Budge Row, EC4N

Road in/near City of London, existing until now

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MAPPING YEAR:1750180018301860190019302019Fullscreen map
Road · City of London · EC4N ·
MARCH
10
2018

Budge Row lies off the north side of Cannon Street, about 80 yards west of the main line station.

The shoemaker was a 1907 London comedy drama, a play full of tears and laughter. "It
About 500 years ago the area surrounding here was closely associated with the clothing trade. If you had walked along Cannon Street in those times you would probably have seen a representation of few other trades than drapers and skin merchants selling their wares. In the adjoining alleys and courts the wives of traders would be busy throughout the day and night making up articles of clothing for the stalls. It was no coincidence, but for local convenience, that the Skinners Company, in 1327, established their Hall in nearby Dowgate Hill and have held their gatherings there ever since.

Women of the day were restricted in their choice of clothing according to their status. In 1338, and again twenty years later, the City authorities ordered that women of low standing should not wear clothing made from buge or wool. If the like had bought an old fur coat for a penny or two at the local jumble sale her fate could well have been a prison sentence for wearing it.

Since the years of World War II, Budge Row has seen many changes; it now survives as a pedestrian way, covered at its southern end by a large concrete block of offices. Even the line of its path has changed direction since chess fanatics from the City wide scurried along here to book a table at the Gambit Café.

St Antholin’s church stood at the northern end of the Row, on a site previously occupied by three predecessors. The first church was probably founded during the 12th century but complete rebuilding took place about 1400 and again in 1513. On Monday 3rd September 1666, almost as the bells stopped pealing from evensong of the previous day, Mr Farriners Great Fire was lapping at the doors of Watling Street. It took hold of St Mary Aldermary, across the road, and then leapt onto St Antholin’s, reducing it to ashes within minutes and leaving its bells as a pool of molten metal. Christopher Wren completed the rebuilding in 1682, topping his creation with the most slender spire imaginable. In 1874, many years after the death of Wren, and when they thought he would not mind, the diocese declared St Antholin’s redundant and pulled it down. The spire was sold as scrap for five pounds but someone considered it worthy of preservation and erected its upper part in the garden of Roundhill House at Sydenham in Kent.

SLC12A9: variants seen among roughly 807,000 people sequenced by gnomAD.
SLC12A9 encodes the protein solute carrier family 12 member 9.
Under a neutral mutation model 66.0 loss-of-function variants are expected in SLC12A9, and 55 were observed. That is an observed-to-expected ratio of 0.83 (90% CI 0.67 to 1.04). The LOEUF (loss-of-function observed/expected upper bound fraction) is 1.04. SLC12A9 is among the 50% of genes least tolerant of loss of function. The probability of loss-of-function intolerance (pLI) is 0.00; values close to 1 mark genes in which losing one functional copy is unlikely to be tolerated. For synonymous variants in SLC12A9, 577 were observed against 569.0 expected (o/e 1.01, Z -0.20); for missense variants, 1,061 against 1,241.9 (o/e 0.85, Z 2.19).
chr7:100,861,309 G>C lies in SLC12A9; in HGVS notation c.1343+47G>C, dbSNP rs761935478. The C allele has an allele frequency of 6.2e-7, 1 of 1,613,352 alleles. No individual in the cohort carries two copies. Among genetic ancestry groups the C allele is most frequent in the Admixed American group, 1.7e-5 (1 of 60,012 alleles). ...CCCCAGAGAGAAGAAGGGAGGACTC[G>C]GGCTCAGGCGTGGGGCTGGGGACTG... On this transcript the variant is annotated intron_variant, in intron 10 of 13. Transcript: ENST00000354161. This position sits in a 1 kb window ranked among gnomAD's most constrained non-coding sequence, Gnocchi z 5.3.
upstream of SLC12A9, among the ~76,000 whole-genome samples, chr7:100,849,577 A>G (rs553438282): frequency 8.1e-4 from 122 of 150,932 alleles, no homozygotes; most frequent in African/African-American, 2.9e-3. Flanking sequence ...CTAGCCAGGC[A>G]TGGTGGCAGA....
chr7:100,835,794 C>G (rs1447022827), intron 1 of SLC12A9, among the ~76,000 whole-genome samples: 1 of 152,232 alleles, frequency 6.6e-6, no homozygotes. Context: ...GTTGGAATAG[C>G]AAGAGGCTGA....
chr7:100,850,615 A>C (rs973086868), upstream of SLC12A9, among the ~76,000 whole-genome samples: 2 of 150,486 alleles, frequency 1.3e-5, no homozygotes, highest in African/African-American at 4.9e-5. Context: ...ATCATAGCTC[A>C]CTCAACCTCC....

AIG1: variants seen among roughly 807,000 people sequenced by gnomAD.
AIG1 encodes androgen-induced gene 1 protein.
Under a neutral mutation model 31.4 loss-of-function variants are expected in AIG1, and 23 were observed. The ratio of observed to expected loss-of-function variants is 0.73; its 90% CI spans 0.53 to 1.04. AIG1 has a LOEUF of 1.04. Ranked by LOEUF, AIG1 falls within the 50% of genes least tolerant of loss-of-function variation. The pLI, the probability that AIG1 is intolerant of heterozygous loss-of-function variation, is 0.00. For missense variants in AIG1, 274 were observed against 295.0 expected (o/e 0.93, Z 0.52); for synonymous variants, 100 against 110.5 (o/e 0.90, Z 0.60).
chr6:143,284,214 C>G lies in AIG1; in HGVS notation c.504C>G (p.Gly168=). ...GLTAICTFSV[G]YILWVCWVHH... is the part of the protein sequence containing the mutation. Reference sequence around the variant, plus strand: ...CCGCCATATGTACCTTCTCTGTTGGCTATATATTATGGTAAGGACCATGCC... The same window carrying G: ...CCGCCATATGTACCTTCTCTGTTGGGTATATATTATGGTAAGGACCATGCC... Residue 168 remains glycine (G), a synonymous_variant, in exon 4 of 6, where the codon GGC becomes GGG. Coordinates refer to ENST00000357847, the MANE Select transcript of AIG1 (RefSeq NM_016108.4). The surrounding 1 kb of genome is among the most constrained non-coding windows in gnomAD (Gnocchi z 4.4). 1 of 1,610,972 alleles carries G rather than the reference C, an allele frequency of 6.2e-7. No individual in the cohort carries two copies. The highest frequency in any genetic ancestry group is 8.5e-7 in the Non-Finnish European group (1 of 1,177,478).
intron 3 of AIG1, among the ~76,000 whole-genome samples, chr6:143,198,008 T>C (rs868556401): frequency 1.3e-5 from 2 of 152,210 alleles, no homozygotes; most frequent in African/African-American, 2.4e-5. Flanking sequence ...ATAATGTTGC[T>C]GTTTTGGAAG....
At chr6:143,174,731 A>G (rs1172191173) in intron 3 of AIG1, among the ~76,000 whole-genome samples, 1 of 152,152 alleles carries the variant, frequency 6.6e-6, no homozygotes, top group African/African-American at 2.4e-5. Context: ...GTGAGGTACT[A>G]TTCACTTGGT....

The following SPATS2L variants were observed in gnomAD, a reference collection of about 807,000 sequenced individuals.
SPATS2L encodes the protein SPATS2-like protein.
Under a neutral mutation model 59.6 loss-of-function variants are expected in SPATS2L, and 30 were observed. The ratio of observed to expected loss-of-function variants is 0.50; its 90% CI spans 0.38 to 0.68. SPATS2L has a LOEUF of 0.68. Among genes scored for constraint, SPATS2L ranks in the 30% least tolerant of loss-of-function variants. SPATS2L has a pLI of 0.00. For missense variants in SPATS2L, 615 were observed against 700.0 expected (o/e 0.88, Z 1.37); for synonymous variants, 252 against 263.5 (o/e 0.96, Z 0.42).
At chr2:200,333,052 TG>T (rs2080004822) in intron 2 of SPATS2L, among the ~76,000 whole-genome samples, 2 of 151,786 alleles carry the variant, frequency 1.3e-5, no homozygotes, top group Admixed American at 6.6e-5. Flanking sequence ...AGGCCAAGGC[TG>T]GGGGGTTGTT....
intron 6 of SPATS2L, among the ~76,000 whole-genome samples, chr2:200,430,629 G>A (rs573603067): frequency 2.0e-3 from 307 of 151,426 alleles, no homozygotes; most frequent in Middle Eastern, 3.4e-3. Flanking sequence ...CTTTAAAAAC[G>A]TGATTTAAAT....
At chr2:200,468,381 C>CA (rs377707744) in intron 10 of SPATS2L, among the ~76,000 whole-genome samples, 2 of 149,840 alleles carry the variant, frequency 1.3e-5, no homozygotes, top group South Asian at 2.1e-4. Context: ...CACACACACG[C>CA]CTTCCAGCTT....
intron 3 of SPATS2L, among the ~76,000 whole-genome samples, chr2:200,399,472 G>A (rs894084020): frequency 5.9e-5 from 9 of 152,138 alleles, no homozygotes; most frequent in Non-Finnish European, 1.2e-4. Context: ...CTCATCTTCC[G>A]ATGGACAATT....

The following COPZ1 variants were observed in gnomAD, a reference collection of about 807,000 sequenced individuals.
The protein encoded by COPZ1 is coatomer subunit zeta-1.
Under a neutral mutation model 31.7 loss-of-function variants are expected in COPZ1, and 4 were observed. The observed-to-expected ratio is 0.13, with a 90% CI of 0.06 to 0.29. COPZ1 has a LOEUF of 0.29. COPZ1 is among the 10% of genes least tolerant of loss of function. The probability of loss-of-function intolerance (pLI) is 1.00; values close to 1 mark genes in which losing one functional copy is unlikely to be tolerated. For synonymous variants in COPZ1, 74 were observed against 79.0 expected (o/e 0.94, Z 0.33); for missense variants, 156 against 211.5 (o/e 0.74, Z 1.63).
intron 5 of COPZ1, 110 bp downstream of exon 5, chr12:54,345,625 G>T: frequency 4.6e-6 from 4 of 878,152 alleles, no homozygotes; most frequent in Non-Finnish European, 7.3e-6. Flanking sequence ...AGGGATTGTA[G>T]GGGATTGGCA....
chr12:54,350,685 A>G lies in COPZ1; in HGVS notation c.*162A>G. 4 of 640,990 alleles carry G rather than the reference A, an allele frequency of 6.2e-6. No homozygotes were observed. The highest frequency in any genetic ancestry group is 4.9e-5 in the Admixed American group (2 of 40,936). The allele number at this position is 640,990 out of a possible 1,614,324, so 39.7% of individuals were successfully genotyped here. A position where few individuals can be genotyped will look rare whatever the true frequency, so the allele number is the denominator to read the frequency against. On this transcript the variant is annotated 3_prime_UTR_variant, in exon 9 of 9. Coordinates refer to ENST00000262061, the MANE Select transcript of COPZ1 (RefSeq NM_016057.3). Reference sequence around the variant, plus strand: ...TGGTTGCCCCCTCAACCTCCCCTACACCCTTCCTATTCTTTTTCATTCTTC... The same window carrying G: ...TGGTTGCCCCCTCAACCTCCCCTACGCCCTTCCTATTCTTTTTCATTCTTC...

The Wren church of St Antholin once stood on the corner of Budge Row. It was demolished in 1875 to clear a site for the new Queen Victoria Street. In more recent years considerable redevelopment has taken place and the Row is not as it used to be. Surrounded and covered by a 13 storey modern office block and paved in Tarmac, the name is all that survives of the old alley.

Main source

Citations and sources

Gillian Bebbington's 1972 work on street name derivations
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